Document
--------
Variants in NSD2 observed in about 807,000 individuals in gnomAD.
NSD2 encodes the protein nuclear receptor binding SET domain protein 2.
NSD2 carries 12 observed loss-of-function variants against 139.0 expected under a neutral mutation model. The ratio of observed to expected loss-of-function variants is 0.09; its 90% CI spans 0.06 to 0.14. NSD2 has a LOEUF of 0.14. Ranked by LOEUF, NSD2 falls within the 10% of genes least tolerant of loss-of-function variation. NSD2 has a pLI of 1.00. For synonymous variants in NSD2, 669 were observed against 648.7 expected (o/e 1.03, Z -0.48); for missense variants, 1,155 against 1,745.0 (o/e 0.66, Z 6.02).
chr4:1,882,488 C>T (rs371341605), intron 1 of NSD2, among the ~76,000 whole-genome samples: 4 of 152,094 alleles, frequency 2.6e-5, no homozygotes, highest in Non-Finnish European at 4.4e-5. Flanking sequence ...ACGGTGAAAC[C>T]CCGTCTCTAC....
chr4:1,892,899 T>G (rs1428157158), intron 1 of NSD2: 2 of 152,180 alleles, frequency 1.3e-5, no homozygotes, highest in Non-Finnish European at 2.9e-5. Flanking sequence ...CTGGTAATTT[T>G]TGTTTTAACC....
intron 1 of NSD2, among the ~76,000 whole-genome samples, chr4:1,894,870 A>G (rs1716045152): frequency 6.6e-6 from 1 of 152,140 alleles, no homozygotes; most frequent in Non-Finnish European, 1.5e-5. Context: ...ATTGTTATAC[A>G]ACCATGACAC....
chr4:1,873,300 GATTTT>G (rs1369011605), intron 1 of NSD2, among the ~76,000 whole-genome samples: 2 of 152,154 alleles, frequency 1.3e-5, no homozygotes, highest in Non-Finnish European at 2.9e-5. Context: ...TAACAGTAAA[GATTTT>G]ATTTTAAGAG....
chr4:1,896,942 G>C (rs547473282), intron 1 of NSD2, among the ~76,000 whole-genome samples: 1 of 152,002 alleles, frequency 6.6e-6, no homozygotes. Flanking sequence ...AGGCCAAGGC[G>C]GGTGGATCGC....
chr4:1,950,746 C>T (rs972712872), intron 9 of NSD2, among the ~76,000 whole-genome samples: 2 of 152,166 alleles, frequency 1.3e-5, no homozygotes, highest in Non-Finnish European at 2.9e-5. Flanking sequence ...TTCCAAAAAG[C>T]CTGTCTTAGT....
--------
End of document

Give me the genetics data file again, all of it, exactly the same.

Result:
Variants in NSD2 observed in about 807,000 individuals in gnomAD.
NSD2 encodes the protein nuclear receptor binding SET domain protein 2.
NSD2 carries 12 observed loss-of-function variants against 139.0 expected under a neutral mutation model. The ratio of observed to expected loss-of-function variants is 0.09; its 90% CI spans 0.06 to 0.14. NSD2 has a LOEUF of 0.14. Ranked by LOEUF, NSD2 falls within the 10% of genes least tolerant of loss-of-function variation. NSD2 has a pLI of 1.00. For synonymous variants in NSD2, 669 were observed against 648.7 expected (o/e 1.03, Z -0.48); for missense variants, 1,155 against 1,745.0 (o/e 0.66, Z 6.02).
chr4:1,882,488 C>T (rs371341605), intron 1 of NSD2, among the ~76,000 whole-genome samples: 4 of 152,094 alleles, frequency 2.6e-5, no homozygotes, highest in Non-Finnish European at 4.4e-5. Flanking sequence ...ACGGTGAAAC[C>T]CCGTCTCTAC....
chr4:1,892,899 T>G (rs1428157158), intron 1 of NSD2: 2 of 152,180 alleles, frequency 1.3e-5, no homozygotes, highest in Non-Finnish European at 2.9e-5. Flanking sequence ...CTGGTAATTT[T>G]TGTTTTAACC....
intron 1 of NSD2, among the ~76,000 whole-genome samples, chr4:1,894,870 A>G (rs1716045152): frequency 6.6e-6 from 1 of 152,140 alleles, no homozygotes; most frequent in Non-Finnish European, 1.5e-5. Context: ...ATTGTTATAC[A>G]ACCATGACAC....
chr4:1,873,300 GATTTT>G (rs1369011605), intron 1 of NSD2, among the ~76,000 whole-genome samples: 2 of 152,154 alleles, frequency 1.3e-5, no homozygotes, highest in Non-Finnish European at 2.9e-5. Context: ...TAACAGTAAA[GATTTT>G]ATTTTAAGAG....
chr4:1,896,942 G>C (rs547473282), intron 1 of NSD2, among the ~76,000 whole-genome samples: 1 of 152,002 alleles, frequency 6.6e-6, no homozygotes. Flanking sequence ...AGGCCAAGGC[G>C]GGTGGATCGC....
chr4:1,950,746 C>T (rs972712872), intron 9 of NSD2, among the ~76,000 whole-genome samples: 2 of 152,166 alleles, frequency 1.3e-5, no homozygotes, highest in Non-Finnish European at 2.9e-5. Flanking sequence ...TTCCAAAAAG[C>T]CTGTCTTAGT....